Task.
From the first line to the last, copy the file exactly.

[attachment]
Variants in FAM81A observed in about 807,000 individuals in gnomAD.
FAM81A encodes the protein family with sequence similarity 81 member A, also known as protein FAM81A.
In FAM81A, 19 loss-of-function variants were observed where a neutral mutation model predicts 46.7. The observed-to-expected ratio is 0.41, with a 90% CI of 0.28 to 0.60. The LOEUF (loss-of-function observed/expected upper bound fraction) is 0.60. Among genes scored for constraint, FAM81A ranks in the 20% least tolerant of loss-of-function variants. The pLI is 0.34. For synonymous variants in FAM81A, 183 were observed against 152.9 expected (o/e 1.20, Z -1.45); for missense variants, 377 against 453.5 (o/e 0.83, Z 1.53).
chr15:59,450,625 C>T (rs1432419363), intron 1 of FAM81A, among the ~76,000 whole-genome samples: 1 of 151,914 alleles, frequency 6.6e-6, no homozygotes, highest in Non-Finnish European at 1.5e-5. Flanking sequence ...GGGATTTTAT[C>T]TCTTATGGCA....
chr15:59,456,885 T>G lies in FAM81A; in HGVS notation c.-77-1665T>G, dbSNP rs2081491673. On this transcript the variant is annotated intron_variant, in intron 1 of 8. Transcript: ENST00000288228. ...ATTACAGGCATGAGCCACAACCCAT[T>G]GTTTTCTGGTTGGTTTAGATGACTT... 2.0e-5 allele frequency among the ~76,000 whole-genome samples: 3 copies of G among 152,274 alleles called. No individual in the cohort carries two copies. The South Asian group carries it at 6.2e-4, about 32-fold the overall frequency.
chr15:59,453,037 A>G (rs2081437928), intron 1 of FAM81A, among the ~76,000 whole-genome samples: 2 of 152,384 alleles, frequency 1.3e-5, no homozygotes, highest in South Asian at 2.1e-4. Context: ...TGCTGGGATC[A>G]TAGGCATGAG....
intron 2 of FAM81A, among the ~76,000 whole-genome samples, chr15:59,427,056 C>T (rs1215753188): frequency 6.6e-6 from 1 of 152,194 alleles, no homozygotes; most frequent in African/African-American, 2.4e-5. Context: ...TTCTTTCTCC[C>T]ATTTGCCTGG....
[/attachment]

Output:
Variants in FAM81A observed in about 807,000 individuals in gnomAD.
FAM81A encodes the protein family with sequence similarity 81 member A, also known as protein FAM81A.
In FAM81A, 19 loss-of-function variants were observed where a neutral mutation model predicts 46.7. The observed-to-expected ratio is 0.41, with a 90% CI of 0.28 to 0.60. The LOEUF (loss-of-function observed/expected upper bound fraction) is 0.60. Among genes scored for constraint, FAM81A ranks in the 20% least tolerant of loss-of-function variants. The pLI is 0.34. For synonymous variants in FAM81A, 183 were observed against 152.9 expected (o/e 1.20, Z -1.45); for missense variants, 377 against 453.5 (o/e 0.83, Z 1.53).
chr15:59,450,625 C>T (rs1432419363), intron 1 of FAM81A, among the ~76,000 whole-genome samples: 1 of 151,914 alleles, frequency 6.6e-6, no homozygotes, highest in Non-Finnish European at 1.5e-5. Flanking sequence ...GGGATTTTAT[C>T]TCTTATGGCA....
chr15:59,456,885 T>G lies in FAM81A; in HGVS notation c.-77-1665T>G, dbSNP rs2081491673. On this transcript the variant is annotated intron_variant, in intron 1 of 8. Transcript: ENST00000288228. ...ATTACAGGCATGAGCCACAACCCAT[T>G]GTTTTCTGGTTGGTTTAGATGACTT... 2.0e-5 allele frequency among the ~76,000 whole-genome samples: 3 copies of G among 152,274 alleles called. No individual in the cohort carries two copies. The South Asian group carries it at 6.2e-4, about 32-fold the overall frequency.
chr15:59,453,037 A>G (rs2081437928), intron 1 of FAM81A, among the ~76,000 whole-genome samples: 2 of 152,384 alleles, frequency 1.3e-5, no homozygotes, highest in South Asian at 2.1e-4. Context: ...TGCTGGGATC[A>G]TAGGCATGAG....
intron 2 of FAM81A, among the ~76,000 whole-genome samples, chr15:59,427,056 C>T (rs1215753188): frequency 6.6e-6 from 1 of 152,194 alleles, no homozygotes; most frequent in African/African-American, 2.4e-5. Context: ...TTCTTTCTCC[C>T]ATTTGCCTGG....